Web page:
Once our little tray had overflowed, we decided to clean up. I realized that if you squirt a lot (two or three squirts should suffice) of cheap school soap into the sink, you can create your very own BUBBLE BATH. Of course, I didn’t expect to bathe myself in the sink, the bubbles served more as a form of personal entertainment. Plus, it smelled good. Stephanie, Judy, and I were laughing pretty hard by this time – I assume our chemistry teacher (who is the epitome of the “absent-minded professor”) interpreted our shrieks of mirth as genuine love and fascination for chemistry. Anyway, once we realized the TRUE uses of hydrochloric acid and calcium carbonate (i.e. creating toxic colors that will burn holes in your clothes and form painful blisters on your skin), we decided to take a few test tubes of the substances along with a mini-bottle of universal indicator and continue our little experiment in the bathroom. After all, where better to find excess water ideal for experimentation than the toilet?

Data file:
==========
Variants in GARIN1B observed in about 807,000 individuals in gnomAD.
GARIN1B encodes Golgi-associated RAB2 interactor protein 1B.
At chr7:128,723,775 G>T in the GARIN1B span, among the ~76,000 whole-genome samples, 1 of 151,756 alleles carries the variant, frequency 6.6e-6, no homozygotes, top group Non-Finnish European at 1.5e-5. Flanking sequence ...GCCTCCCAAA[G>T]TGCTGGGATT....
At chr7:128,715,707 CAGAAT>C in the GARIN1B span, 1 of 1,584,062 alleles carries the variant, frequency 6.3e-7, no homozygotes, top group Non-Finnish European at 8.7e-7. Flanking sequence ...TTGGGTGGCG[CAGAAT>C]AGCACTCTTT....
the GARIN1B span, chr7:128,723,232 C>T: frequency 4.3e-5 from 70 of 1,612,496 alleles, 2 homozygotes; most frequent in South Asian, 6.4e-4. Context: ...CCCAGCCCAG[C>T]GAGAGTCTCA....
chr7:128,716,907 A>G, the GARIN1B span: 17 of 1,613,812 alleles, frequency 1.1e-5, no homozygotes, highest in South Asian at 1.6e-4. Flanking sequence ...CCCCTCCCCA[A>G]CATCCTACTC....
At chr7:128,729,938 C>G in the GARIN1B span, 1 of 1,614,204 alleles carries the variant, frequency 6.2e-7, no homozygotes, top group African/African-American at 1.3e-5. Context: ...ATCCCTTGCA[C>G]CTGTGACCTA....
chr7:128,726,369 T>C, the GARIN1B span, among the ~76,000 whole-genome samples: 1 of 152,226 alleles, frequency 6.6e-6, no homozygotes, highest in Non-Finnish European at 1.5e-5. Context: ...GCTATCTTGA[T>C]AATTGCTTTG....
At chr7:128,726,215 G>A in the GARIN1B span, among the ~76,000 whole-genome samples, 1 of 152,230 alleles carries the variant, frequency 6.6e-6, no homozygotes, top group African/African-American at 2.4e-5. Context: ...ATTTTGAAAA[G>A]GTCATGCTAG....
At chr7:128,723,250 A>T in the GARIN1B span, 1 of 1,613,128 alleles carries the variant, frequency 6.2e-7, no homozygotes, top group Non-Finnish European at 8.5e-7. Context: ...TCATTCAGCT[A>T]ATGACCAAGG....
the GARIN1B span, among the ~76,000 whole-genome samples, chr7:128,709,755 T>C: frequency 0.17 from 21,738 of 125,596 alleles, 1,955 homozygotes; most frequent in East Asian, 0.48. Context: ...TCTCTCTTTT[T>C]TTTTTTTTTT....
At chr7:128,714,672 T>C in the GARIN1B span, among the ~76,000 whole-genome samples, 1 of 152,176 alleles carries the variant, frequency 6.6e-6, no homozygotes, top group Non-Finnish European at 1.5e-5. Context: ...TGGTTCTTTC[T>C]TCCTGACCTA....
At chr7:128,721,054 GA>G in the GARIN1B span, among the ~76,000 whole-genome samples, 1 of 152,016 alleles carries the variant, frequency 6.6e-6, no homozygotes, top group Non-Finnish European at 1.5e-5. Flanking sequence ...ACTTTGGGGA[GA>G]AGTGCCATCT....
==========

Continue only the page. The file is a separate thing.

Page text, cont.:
We gleefully dumped the acid into the toilet and clapped delightedly as it turned a deep blue. It spread beautifully, like swirling ink in the clear water (I realize that I am using such poetic language to describe a toilet). We carefully added universal indicator into the bowl and watched the water turn a pale blue. We deliberated for a while over whether or not we were actually going to flush the toilet. Either we would A) leave the water in the toilet and let the next occupant assume it was that blue toilet bowl cleansing water OR B) flush it and erase all signs of our activity.

We went with A).

Stephanie and I relayed our experiment back to each other happily once we were back in the classroom. Our conversation went a little something like this:

“HAHA, what if we managed to make RED toilet water? Imagine if someone went in, looked down, and thought it was BLOOD?”

“HAHAHA”

“HAHA, what if someone CRAPPED in there and then suddenly heard a sizzling sound from the acid?”

“HAHAHAHA”

“What if we get expelled?”

*silence*

“Maybe we should flush the toilet.”

 “Yeah. Maybe we should.”

We ended up going back and flushing the toilet.